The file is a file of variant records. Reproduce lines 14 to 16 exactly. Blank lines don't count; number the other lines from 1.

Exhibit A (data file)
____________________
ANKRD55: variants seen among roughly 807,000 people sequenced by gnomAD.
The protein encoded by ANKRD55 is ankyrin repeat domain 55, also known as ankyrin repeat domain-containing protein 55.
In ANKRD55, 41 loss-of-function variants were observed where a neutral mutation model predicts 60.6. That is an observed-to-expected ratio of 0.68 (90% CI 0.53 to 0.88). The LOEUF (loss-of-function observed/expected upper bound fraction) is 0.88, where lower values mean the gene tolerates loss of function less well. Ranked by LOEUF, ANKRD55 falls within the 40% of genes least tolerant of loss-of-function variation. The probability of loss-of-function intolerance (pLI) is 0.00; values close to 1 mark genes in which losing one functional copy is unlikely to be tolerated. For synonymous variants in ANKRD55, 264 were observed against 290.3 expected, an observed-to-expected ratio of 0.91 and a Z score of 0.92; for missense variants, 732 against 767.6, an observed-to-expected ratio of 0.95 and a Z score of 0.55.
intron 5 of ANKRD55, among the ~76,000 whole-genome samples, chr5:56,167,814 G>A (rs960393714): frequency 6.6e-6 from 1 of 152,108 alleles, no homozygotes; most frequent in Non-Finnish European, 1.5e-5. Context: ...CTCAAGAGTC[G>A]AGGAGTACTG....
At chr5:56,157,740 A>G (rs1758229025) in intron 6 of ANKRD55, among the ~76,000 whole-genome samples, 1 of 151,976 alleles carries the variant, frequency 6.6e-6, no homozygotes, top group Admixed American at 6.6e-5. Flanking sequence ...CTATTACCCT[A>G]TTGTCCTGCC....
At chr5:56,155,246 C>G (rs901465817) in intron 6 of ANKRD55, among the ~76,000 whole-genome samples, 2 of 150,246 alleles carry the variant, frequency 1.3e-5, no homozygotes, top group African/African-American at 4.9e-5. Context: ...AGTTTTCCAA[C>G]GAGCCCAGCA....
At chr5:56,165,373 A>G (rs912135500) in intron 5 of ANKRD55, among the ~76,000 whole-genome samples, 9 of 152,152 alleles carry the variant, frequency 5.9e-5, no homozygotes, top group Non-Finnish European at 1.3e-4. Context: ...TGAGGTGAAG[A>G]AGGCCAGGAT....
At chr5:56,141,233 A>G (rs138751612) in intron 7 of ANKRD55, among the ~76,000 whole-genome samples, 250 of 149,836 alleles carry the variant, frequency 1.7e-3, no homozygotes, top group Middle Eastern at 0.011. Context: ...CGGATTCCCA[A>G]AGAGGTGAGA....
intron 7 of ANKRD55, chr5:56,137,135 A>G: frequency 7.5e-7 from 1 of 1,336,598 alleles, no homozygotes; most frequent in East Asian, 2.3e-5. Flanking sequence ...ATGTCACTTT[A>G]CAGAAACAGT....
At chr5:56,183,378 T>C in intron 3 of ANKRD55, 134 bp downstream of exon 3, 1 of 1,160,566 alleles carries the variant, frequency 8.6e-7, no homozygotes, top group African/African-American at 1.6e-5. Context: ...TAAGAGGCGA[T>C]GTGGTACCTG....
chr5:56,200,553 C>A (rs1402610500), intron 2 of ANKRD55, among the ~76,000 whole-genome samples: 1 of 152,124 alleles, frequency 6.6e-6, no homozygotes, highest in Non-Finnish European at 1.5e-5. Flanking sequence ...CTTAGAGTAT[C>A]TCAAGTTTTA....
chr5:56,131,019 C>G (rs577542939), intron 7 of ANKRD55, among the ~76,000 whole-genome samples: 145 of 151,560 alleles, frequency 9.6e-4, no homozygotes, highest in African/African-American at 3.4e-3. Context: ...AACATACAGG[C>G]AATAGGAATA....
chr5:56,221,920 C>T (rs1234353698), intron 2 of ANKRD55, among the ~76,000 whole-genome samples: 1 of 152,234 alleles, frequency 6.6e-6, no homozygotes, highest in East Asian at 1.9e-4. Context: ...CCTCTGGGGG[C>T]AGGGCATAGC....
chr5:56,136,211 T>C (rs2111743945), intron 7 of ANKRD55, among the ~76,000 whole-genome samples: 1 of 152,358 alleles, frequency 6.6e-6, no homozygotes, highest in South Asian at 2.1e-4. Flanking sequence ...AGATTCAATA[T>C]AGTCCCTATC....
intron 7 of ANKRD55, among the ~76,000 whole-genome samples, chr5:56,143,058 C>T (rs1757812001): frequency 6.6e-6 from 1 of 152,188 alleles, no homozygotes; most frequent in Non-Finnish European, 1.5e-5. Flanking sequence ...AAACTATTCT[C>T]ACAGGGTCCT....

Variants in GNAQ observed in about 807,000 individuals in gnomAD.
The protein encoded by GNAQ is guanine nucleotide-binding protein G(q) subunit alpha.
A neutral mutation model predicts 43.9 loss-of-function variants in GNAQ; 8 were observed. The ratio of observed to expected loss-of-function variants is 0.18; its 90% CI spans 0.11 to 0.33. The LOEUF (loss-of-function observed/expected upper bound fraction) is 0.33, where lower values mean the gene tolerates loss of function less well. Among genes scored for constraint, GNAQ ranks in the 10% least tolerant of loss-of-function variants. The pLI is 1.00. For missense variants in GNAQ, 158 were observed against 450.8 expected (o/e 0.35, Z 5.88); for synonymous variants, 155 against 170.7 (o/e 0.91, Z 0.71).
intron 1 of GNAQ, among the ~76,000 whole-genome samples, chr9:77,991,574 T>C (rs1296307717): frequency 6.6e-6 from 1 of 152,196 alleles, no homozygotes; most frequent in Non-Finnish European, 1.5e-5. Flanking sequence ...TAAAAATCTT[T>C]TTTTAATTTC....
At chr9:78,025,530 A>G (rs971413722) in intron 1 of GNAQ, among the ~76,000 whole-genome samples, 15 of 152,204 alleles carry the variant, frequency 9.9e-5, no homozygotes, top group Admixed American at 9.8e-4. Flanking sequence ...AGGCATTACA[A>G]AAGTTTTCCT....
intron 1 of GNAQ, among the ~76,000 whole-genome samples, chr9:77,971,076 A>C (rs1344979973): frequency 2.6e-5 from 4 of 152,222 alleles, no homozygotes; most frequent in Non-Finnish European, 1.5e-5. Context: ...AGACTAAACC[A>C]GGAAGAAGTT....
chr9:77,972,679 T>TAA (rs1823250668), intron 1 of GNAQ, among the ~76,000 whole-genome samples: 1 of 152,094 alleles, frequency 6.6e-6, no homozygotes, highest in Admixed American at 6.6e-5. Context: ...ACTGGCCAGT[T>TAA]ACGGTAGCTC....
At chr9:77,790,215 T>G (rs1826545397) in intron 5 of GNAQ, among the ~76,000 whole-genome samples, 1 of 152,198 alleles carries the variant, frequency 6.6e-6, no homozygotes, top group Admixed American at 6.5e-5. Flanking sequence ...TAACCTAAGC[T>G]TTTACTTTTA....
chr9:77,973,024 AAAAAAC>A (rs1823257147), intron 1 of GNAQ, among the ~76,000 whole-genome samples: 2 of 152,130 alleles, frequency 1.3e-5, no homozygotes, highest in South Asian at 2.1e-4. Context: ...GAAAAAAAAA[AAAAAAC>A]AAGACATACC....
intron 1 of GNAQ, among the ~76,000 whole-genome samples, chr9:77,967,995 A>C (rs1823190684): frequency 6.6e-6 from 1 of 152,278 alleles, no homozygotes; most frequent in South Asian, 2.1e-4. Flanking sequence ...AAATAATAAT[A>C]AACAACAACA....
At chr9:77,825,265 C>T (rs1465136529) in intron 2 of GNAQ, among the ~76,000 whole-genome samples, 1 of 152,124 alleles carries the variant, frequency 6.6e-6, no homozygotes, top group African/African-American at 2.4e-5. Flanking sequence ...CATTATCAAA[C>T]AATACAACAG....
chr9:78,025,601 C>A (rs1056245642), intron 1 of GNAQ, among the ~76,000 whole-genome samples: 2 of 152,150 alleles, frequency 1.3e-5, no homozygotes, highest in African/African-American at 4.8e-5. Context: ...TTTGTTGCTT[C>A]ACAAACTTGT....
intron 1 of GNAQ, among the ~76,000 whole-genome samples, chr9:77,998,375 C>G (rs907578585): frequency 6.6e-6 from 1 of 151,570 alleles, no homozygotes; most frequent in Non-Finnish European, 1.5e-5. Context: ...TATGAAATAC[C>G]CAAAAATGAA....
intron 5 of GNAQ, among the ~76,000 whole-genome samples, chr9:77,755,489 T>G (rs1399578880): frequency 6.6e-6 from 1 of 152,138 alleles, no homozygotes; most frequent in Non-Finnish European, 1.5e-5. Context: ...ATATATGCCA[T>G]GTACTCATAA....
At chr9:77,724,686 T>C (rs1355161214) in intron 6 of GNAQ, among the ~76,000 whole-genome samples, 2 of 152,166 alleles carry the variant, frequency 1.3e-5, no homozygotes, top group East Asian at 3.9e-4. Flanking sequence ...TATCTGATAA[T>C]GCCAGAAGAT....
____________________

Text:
chr5:56,136,211 T>C (rs2111743945), intron 7 of ANKRD55, among the ~76,000 whole-genome samples: 1 of 152,358 alleles, frequency 6.6e-6, no homozygotes, highest in South Asian at 2.1e-4. Flanking sequence ...AGATTCAATA[T>C]AGTCCCTATC....
intron 7 of ANKRD55, among the ~76,000 whole-genome samples, chr5:56,143,058 C>T (rs1757812001): frequency 6.6e-6 from 1 of 152,188 alleles, no homozygotes; most frequent in Non-Finnish European, 1.5e-5. Flanking sequence ...AAACTATTCT[C>T]ACAGGGTCCT....

Variants in GNAQ observed in about 807,000 individuals in gnomAD.